The Secret Treasures of Buzzard Island
The Intentionally Forgotten History of West Georgia
In 1969, all the land on the Fulton County (southeast) side of Buzzard Island, including archaeological site 9FU14, was bulldozed and covered with 20 feet of clay to push the surface elevation above the 100 year flood level. However, before any buildings could be constructed near the island, Jimmy Carter was elected governor and immediately established friendly working relationships with the Nixon Administration’s Dept. of the Interior, EPA, FEMA and US Army Corps of Engineers personnel.
The laws of the United States were immediately enforced on the Chattahoochee River. There would be no more developments in the flood hazard areas and a 300 feet natural buffer was established along the river and 150 ft. buffers on tributaries. Sadly, enforcement of federal and state laws came too late to save the archaeological site.
This 1,640 feet island in the Chattahoochee River was surrounded on both sides for at least 2,500 years by a dense concentration of permanent villages. However, today is it surrounded by late 20th century commercial development that destroyed most of the archaeological sites in a corridor, north of the island. Yet the island itself is in a natural state and never been studied by professional archaeologists.
Remarkably, for 35 miles downstream from the island is a corridor of broad river bottom lands, mostly in natural, semi-natural or agricultural landscapes, containing many Native American town and village sites. This corridor is part of the Heartland of the Creek People, yet has received relatively little attention from archaeologists, even though the landscape is “chock full of artifacts.”
The generosity of Atlanta environmentalist- philanthropist, John Raulet, has saved Buzzard Island from any chance of commercialization. It could well be one of the oldest occupation sites in the Creek Heartland. Raulet is also assembling a 3 1/2 mile long corridor along the river, downstream from the island, for preservation. This is a golden opportunity “to do things right.”
Latitude: 33°44’32″N ~ Longitude: 84°34’43″W
A Tale of Three Buzzard’s Roosts and One Buzzard Island
The Creek village of Buzzard’s Roost appears on early maps of Georgia as being on the west side of the confluence of the Chattahoochee River and Peachtree Creek. The map places it on the site of the former massive town of Pakanahuere (Standing Peachtree) and across the river from Fort Standing Peachtree.
Local histories can sometimes be farcical, but when the well-researched histories of Sylacauga, Alabama, the Sandtown Community Association, the Douglas County Historical Society and the South Fulton Chamber of Commerce were interpolated with the People of One Fire’s knowledge base, a fascinating new history of the Creek People in West Georgia emerged. These local histories were treasure troves. First, we will look at the etymologies of the Historic Period Creek villages of Buzzard Roost and Sandtown.
Buzzard Island is the modern shortening of Buzzard Roost Island, which is the “rough” English translation of Sylacauga, which is the Anglicization of the Muskogee-Creek word, sule-kaka. Sulekaka means “Two Buzzards Sitting.” The original Hillabee Creek town of Sulekaka was originally at the foot of a cone shaped hill, where Sylacauga, AL is now located.
Sandtown is the “rough” English translation of Oktahasasi. Oktahasasi does not mean Sandtown, but instead means “Offspring of Sand People” . . . possibly, “Offspring of Sand-Sun” or “Offspring of Sand-Month.” The “offspring of” suffix was typically used to signify a colony of a mother town, in this case being Oktahvsv (Okatahawsaw).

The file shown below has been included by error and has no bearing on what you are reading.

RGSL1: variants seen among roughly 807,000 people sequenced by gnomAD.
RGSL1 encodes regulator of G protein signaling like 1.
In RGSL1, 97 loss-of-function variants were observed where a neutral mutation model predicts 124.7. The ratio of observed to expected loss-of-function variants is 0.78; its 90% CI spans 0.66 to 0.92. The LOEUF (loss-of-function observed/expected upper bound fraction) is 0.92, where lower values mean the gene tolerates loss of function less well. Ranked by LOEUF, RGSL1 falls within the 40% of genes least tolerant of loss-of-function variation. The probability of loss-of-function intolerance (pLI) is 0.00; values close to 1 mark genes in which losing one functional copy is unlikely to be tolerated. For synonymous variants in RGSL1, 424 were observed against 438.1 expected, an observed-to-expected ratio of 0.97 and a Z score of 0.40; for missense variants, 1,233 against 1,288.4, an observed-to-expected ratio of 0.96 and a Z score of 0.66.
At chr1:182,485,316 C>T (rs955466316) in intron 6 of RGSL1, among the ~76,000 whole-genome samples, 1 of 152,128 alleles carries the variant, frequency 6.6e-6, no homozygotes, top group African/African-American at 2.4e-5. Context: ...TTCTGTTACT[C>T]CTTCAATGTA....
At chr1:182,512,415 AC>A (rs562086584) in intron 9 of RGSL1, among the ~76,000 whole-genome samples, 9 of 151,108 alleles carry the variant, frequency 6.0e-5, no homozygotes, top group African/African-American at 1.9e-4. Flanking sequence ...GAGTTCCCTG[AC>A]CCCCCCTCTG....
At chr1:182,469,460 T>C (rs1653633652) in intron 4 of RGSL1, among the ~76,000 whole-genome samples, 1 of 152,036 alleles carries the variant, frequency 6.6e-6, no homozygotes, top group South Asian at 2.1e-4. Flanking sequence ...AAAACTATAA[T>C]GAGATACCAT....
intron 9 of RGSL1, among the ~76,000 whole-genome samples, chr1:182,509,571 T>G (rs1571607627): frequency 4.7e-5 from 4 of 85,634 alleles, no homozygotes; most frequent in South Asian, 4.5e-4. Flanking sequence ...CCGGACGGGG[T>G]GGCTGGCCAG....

The dense concentration of Native American towns and villages along the Chattahoochee River in Metro Atlanta began in the Archaic Period (8000 BC-1000 BC) as seasonal camp sites where bands of Indians fished and gathered freshwater mussels. Beginning around 1000 BC (Woodland Period) these camps became base villages. Portions of the village would relocated to seasonal village sites, where certain food resources were temporarily abundant, but the pottery and some of the villagers remained on the river.
Agriculture began very early in the Lower Southeast . . . at least as early as 3,500 BC with the indigenous squash, perhaps 5,500 BC with members of the sunflower family. Apparently, the temperate climate and fertile soils of the Upper Chattahoochee River Basin made an ideal location to develop agriculture. Whereas in most of North America, Indian settlements were short-lived during the Woodland Period, those in the Chattahoochee and Upper Oconee River Basins thrived century after century.
One of the oldest and most important trade routes in the Lower Southeast started at the shoals of the Ocmulgee River near Jackson, GA and then went westward through Indian Springs, a ford on the Flint River, across Buzzard Island on the Chattahoochee and then to the confluence of the Tallapoosa and LIttle Tallapoosa Rivers in present day Alabama. By the late 1700s, it was called the Sandtown Trail. We will tell you why a little later.
A National Historic District
As described over the past three months a series of articles, newcomers arrived from time to time from several diverse parts of the Americas. As a result, the resulting hybrid culture became increasingly sophisticated, but the towns and villages remained.
A major reason for this cultural longevity is that these people did not devote enormous human labor to building large mounds for the elite. They were egalitarian communities. Mega-mound building would have stolen valuable time for producing food. Those egalitarian, “small mound” builders became the Creek Indians.
While showy places like Ocmulgee, Cahokia, Etowah and Moundville boomed for about 2 1/2 centuries then collapsed, these communities lived on until the arrival of Europeans in the Southeast. In fact, some continued to thrive until their occupants were forced out by land cessions in the early 19th century. In a few cases, long occupied Creek towns were immediately occupied by the new owners.